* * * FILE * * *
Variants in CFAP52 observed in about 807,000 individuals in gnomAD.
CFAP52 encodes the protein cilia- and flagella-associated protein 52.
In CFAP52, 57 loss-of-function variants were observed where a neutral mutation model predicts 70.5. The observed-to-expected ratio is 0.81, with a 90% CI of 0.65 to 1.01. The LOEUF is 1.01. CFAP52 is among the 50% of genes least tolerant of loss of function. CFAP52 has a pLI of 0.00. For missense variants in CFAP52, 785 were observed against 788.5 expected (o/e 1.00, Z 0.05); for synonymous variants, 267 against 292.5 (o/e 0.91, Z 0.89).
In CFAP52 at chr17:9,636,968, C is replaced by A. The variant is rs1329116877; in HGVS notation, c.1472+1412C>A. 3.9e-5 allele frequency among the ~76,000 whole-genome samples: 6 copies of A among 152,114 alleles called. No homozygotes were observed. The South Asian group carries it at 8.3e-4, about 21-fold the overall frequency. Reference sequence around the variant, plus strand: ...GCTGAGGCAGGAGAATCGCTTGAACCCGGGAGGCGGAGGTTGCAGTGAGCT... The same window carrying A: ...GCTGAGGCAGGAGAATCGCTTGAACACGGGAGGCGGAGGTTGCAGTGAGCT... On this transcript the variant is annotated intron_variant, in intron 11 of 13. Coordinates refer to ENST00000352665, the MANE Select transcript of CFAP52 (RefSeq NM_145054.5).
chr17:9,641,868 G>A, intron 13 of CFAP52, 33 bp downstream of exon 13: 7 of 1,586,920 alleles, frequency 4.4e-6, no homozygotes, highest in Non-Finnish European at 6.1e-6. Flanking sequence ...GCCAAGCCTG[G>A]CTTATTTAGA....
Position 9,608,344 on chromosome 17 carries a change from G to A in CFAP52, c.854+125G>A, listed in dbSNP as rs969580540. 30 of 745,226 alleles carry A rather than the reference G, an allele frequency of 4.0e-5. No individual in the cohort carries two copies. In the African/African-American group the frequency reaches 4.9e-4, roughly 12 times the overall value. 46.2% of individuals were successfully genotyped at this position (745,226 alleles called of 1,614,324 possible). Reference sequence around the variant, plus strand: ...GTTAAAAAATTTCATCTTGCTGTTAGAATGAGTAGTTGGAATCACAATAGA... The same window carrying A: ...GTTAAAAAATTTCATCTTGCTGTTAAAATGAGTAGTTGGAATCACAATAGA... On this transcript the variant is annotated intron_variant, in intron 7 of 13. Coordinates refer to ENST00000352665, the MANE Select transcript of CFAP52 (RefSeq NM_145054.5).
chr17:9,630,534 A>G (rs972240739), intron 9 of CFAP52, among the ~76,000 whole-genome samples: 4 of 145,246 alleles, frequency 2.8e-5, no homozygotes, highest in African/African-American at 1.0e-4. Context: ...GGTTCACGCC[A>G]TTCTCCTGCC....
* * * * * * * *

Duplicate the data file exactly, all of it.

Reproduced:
Variants in CFAP52 observed in about 807,000 individuals in gnomAD.
CFAP52 encodes the protein cilia- and flagella-associated protein 52.
In CFAP52, 57 loss-of-function variants were observed where a neutral mutation model predicts 70.5. The observed-to-expected ratio is 0.81, with a 90% CI of 0.65 to 1.01. The LOEUF is 1.01. CFAP52 is among the 50% of genes least tolerant of loss of function. CFAP52 has a pLI of 0.00. For missense variants in CFAP52, 785 were observed against 788.5 expected (o/e 1.00, Z 0.05); for synonymous variants, 267 against 292.5 (o/e 0.91, Z 0.89).
In CFAP52 at chr17:9,636,968, C is replaced by A. The variant is rs1329116877; in HGVS notation, c.1472+1412C>A. 3.9e-5 allele frequency among the ~76,000 whole-genome samples: 6 copies of A among 152,114 alleles called. No homozygotes were observed. The South Asian group carries it at 8.3e-4, about 21-fold the overall frequency. Reference sequence around the variant, plus strand: ...GCTGAGGCAGGAGAATCGCTTGAACCCGGGAGGCGGAGGTTGCAGTGAGCT... The same window carrying A: ...GCTGAGGCAGGAGAATCGCTTGAACACGGGAGGCGGAGGTTGCAGTGAGCT... On this transcript the variant is annotated intron_variant, in intron 11 of 13. Coordinates refer to ENST00000352665, the MANE Select transcript of CFAP52 (RefSeq NM_145054.5).
chr17:9,641,868 G>A, intron 13 of CFAP52, 33 bp downstream of exon 13: 7 of 1,586,920 alleles, frequency 4.4e-6, no homozygotes, highest in Non-Finnish European at 6.1e-6. Flanking sequence ...GCCAAGCCTG[G>A]CTTATTTAGA....
Position 9,608,344 on chromosome 17 carries a change from G to A in CFAP52, c.854+125G>A, listed in dbSNP as rs969580540. 30 of 745,226 alleles carry A rather than the reference G, an allele frequency of 4.0e-5. No individual in the cohort carries two copies. In the African/African-American group the frequency reaches 4.9e-4, roughly 12 times the overall value. 46.2% of individuals were successfully genotyped at this position (745,226 alleles called of 1,614,324 possible). Reference sequence around the variant, plus strand: ...GTTAAAAAATTTCATCTTGCTGTTAGAATGAGTAGTTGGAATCACAATAGA... The same window carrying A: ...GTTAAAAAATTTCATCTTGCTGTTAAAATGAGTAGTTGGAATCACAATAGA... On this transcript the variant is annotated intron_variant, in intron 7 of 13. Coordinates refer to ENST00000352665, the MANE Select transcript of CFAP52 (RefSeq NM_145054.5).
chr17:9,630,534 A>G (rs972240739), intron 9 of CFAP52, among the ~76,000 whole-genome samples: 4 of 145,246 alleles, frequency 2.8e-5, no homozygotes, highest in African/African-American at 1.0e-4. Context: ...GGTTCACGCC[A>G]TTCTCCTGCC....